Table of Contents

25 Top Hawaii Packing List Items for 2024 + What to Wear & NOT to Bring

snorkeling in hawaii
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Aloha! Whether you’re traveling to Oahu, Maui, Kauai, or the Big Island, we’ve got you covered. Our family has called Hawaii home for over five years now. We compiled this complete Hawaii packing checklist to help you feel like a part of the local Ohana on your next Hawaiian getaway.

Hawaii has a whopping 11 climate zones and endless things to see and do, so it’s important to come well-prepared. Below you’ll find our top 25 “must-have” items for an epic trip. We also have some tips on what to wear in Hawaii, a list of items NOT to bring, and some common FAQs about traveling in Hawaii. Mahalo Nui!

Fergusson family photo on maui hawaii
Us at home on Maui! (Chowing down at our favorite restaurant)
See our product selection criteria and guidelines here.

What to Pack for Hawaii – 25 Essentials

  • 1. Universal Waterproof Phone Case

    This case is a MUST if you want to bring your phone to the beach, on boats, hiking near waterfalls, or anywhere it can get wet, fall into the water, or get damaged by sand. Unfortunately, my last iPhone fell prey to a North Shore king tide and it killed my speakers. This case protects your phone while giving you the ability to take underwater photos and videos (with sound)! Which is a wonderful thing when you want to capture your snorkeling kiddo seeing a turtle for the first time. And the best part? It’s actually designed in Hawaii by a woman-owned company. Talk about coming full circle!

    waterproof phone pouch
  • 2. Flotation Strap

    If you’re going to bring your waterproof phone case or underwater camera out on a boat, while snorkeling, near a waterfall, or while paddle boarding etc. then you have to have this flotation strap so that it’ll float if you drop it! Simply attach the little string to your waterproof phone case and never worry about losing your phone to the bottom of the sea.

    Flotation Strap
  • 3. Quick-Dry Travel Towel

    Have you ever felt like a pack mule trying to get all your gear from the hotel to the beach? Trying to fit multiple fluffy towels into a beach bag is nearly impossible, and lugging heavy, sandy, wet towels around after a day at your favorite Hawaiian beach can be a hot mess. Microfiber travel towels are compact, lightweight, and quick-drying while still being large enough to sunbathe on. They are an ideal way to streamline your travel bag and keep you feeling as light as possible.

    HERO Travel Towel - Blue
  • 4. Affordable Underwater Camera

    With the turquoise beaches, incredible marine life, luscious rainforests, and waterfalls – there are plenty of gorgeous things to take pictures and videos of in Hawaii. But all of these scenic activities require a waterproof camera, which is why we recommend this little beauty! If you want to take better quality video than with a smartphone (and don’t want a more expensive GoPro), then this is a perfect camera for not breaking the bank.

    underwater camera
  • 5. Travel Insurance for Hawaii

    Don’t rely on your domestic plan – most providers do not cover Hawaii for emergency medical services, even if you are a U.S. citizen. It is one of the only states excluded from domestic coverage by many providers, and is also a very expensive state to pay out-of-pocket. For this reason, Hawaii travel insurance is a non-negotiable.

    You’ll have sincere peace of mind knowing that you’re covered against accidents, medical emergencies, trip interruptions, baggage loss or delays, flight delays, theft, and other common travel issues. Another unfortunate truth is in some parts of Hawaii, thieves regularly target tourist rental cars parked at popular attractions such as waterfalls and beaches.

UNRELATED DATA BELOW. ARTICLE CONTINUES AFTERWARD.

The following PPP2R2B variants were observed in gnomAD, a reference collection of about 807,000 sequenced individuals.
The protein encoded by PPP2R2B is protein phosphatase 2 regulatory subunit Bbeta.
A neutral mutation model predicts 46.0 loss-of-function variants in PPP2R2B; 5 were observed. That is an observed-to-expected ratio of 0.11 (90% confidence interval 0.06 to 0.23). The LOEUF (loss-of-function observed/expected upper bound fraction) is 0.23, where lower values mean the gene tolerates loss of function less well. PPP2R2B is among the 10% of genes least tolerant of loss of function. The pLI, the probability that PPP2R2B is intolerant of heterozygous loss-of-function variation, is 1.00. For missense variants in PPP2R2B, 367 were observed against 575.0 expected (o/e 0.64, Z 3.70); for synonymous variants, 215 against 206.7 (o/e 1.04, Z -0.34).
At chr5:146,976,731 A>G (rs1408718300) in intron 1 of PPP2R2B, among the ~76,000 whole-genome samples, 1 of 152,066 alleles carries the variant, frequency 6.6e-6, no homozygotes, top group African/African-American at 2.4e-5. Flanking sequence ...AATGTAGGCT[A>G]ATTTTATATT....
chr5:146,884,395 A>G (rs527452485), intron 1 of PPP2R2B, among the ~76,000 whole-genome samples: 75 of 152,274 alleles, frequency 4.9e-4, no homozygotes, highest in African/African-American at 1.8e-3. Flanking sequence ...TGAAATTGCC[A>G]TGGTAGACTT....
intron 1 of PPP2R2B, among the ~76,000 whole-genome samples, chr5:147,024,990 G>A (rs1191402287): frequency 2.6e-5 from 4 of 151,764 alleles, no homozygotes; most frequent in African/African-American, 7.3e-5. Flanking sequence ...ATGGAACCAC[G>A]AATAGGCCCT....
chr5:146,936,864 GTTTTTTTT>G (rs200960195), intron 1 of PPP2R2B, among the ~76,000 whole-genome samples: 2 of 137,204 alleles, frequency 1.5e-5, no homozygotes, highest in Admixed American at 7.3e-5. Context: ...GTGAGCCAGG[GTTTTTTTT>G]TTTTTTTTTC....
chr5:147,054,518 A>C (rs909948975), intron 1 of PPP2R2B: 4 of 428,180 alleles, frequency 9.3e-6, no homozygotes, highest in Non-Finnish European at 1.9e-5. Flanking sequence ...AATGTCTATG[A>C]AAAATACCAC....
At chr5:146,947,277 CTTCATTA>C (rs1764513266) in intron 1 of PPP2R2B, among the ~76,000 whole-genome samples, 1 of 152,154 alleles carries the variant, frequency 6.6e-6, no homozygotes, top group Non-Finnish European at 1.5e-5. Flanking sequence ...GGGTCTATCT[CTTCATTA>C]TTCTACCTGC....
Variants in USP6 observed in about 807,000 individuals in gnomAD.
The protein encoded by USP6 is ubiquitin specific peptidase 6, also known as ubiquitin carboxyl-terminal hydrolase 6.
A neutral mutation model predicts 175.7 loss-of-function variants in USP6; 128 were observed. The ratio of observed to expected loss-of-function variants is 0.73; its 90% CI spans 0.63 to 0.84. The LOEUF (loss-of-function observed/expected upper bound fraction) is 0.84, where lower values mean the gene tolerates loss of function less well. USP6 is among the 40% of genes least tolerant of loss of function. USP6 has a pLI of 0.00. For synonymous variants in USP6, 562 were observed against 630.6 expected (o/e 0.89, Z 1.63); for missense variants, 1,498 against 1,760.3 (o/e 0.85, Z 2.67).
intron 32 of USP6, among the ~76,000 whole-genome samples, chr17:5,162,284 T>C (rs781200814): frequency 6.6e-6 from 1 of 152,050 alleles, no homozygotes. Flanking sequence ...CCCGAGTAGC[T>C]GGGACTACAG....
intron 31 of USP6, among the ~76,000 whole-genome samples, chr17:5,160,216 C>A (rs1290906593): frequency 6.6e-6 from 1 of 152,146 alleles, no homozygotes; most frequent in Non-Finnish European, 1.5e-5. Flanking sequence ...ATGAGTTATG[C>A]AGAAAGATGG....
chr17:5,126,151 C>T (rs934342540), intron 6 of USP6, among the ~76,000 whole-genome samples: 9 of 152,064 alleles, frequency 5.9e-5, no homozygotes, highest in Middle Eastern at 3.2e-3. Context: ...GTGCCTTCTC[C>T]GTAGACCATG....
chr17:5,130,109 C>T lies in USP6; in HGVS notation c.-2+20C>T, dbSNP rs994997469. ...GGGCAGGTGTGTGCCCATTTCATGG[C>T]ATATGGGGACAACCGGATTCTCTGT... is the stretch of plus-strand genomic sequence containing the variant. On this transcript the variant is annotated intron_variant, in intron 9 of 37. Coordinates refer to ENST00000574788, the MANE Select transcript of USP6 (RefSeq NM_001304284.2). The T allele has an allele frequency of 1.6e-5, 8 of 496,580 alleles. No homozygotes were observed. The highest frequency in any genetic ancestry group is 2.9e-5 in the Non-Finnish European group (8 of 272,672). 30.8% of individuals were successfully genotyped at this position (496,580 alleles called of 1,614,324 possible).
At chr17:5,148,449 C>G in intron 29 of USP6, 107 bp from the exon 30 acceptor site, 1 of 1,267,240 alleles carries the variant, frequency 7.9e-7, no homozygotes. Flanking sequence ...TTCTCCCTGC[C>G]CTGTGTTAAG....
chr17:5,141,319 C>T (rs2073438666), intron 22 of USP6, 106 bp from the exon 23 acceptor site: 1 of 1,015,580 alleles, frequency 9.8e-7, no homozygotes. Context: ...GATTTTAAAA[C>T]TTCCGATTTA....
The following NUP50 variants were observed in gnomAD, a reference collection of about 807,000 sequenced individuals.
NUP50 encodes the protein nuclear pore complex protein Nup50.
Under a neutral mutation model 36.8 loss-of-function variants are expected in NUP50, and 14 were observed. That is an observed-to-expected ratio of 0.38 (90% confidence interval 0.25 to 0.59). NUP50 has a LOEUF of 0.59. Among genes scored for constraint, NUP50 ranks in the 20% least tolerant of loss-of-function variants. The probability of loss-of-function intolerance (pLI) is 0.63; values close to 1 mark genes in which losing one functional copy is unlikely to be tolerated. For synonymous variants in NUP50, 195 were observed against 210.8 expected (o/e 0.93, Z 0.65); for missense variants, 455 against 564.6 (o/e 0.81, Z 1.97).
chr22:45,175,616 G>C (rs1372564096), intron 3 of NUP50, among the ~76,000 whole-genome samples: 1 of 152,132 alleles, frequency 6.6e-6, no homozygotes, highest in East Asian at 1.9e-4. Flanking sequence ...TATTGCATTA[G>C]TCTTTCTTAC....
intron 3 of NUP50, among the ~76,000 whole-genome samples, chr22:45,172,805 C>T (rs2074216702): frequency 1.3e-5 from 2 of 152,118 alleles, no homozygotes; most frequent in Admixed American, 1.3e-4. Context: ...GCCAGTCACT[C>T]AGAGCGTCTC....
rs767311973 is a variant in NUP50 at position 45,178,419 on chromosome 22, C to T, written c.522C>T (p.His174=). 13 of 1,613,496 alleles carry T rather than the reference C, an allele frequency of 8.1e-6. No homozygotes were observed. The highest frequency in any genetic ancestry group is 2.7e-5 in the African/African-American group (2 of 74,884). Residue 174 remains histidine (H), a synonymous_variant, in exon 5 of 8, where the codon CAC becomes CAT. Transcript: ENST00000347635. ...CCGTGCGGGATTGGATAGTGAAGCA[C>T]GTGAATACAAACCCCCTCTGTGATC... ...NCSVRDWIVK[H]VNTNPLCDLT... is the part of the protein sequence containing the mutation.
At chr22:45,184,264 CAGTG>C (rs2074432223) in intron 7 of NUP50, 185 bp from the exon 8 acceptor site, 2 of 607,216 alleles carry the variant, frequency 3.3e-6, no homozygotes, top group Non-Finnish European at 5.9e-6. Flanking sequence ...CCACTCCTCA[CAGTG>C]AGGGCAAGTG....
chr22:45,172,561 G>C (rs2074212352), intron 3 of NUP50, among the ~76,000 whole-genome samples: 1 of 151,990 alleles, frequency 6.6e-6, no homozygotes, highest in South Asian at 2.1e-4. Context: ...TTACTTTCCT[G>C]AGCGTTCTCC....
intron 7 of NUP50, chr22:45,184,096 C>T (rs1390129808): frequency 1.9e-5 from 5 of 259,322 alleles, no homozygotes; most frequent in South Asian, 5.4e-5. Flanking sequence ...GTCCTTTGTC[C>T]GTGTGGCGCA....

We use Faye because they cover all of this and more, making the claims process a breeze! Their app lets you handle everything right from your phone, so you don’t have to stress over endless amounts of paperwork, and getting reimbursed is easier than ever before. It’s been a total game-changer for us. We’ll use them for life!

    Faye Travel Insurance
  • 6. Swimsuit Cover-up

    Swimsuit cover-ups are essential in Hawaii. You can go for a swim, throw it over your suit, and then casually head to lunch or the shops without much thought. This one pictured is the one that I personally use and I get tons of compliments! It’s attractive on all body types, the lightweight fabric dries quickly and is breathable — plus it takes up very little room in your suitcase and comes in several colors. Very mermaid boho chic!

    swimsuit cover up
  • 7. Cooling Towels

    This cooling towel is of our favorite – whether sunbathing, hiking through the rainforests, or just enjoying one of Hawaii’s many outdoor shopping experiences, these puppies remain 20-30 degrees cooler than the air temperature and keep cool for up to 60 minutes. This one has no chemicals but is crazy effective: wrap the cooling towel around your shoulders, head, and neck you will feel instant relief. If the cooling vibes start to run out, dip the towel in some water, wring it out, and BOOM! Ready to go for round two. For anyone who gets crabby when overheated or just plain uncomfortable, this towel is for you.

    Cooling Towel Pink and blue
  • 8. Hanging Toiletry Bag

    A hanging toiletry bag is the motherload of all travel accessories. If you’ve never heard of this, prepare to be delighted because this item will elevate the way you travel. This one by Eco Sun is designed right here in Hawaii by a sustainable brand supporting a larger mission. It makes unpacking and repacking a piece of cake since you can leave everything organized in the leakproof compartments. We haven’t had to deal with annoying bottle explosions in our suitcases or clothes getting ruined due to liquid leaks.